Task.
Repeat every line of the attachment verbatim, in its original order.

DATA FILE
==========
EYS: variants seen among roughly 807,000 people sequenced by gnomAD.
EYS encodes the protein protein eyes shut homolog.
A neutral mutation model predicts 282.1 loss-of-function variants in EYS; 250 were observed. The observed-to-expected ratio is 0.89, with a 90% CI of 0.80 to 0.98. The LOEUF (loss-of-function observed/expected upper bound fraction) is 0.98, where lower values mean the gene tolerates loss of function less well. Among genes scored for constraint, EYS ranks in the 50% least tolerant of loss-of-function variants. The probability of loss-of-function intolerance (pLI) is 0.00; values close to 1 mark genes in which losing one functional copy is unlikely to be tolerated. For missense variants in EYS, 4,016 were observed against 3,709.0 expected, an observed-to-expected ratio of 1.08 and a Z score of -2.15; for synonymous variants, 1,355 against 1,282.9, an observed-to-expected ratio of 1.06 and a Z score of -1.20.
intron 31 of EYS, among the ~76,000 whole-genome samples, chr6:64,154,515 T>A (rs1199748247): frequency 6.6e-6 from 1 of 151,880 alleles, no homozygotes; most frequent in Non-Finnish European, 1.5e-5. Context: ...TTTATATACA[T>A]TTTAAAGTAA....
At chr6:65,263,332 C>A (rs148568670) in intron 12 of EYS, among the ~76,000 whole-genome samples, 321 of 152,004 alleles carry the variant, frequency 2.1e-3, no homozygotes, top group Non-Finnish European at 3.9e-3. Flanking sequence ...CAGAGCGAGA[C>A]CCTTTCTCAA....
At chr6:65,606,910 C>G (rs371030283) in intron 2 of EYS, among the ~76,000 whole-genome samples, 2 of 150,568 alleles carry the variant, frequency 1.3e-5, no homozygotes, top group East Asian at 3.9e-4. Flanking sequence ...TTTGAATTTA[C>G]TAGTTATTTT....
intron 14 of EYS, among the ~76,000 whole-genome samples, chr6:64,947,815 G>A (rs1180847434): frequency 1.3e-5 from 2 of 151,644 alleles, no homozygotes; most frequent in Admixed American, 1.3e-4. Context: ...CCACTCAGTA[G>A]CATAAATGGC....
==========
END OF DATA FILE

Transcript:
EYS: variants seen among roughly 807,000 people sequenced by gnomAD.
EYS encodes the protein protein eyes shut homolog.
A neutral mutation model predicts 282.1 loss-of-function variants in EYS; 250 were observed. The observed-to-expected ratio is 0.89, with a 90% CI of 0.80 to 0.98. The LOEUF (loss-of-function observed/expected upper bound fraction) is 0.98, where lower values mean the gene tolerates loss of function less well. Among genes scored for constraint, EYS ranks in the 50% least tolerant of loss-of-function variants. The probability of loss-of-function intolerance (pLI) is 0.00; values close to 1 mark genes in which losing one functional copy is unlikely to be tolerated. For missense variants in EYS, 4,016 were observed against 3,709.0 expected, an observed-to-expected ratio of 1.08 and a Z score of -2.15; for synonymous variants, 1,355 against 1,282.9, an observed-to-expected ratio of 1.06 and a Z score of -1.20.
intron 31 of EYS, among the ~76,000 whole-genome samples, chr6:64,154,515 T>A (rs1199748247): frequency 6.6e-6 from 1 of 151,880 alleles, no homozygotes; most frequent in Non-Finnish European, 1.5e-5. Context: ...TTTATATACA[T>A]TTTAAAGTAA....
At chr6:65,263,332 C>A (rs148568670) in intron 12 of EYS, among the ~76,000 whole-genome samples, 321 of 152,004 alleles carry the variant, frequency 2.1e-3, no homozygotes, top group Non-Finnish European at 3.9e-3. Flanking sequence ...CAGAGCGAGA[C>A]CCTTTCTCAA....
At chr6:65,606,910 C>G (rs371030283) in intron 2 of EYS, among the ~76,000 whole-genome samples, 2 of 150,568 alleles carry the variant, frequency 1.3e-5, no homozygotes, top group East Asian at 3.9e-4. Flanking sequence ...TTTGAATTTA[C>G]TAGTTATTTT....
intron 14 of EYS, among the ~76,000 whole-genome samples, chr6:64,947,815 G>A (rs1180847434): frequency 1.3e-5 from 2 of 151,644 alleles, no homozygotes; most frequent in Admixed American, 1.3e-4. Context: ...CCACTCAGTA[G>A]CATAAATGGC....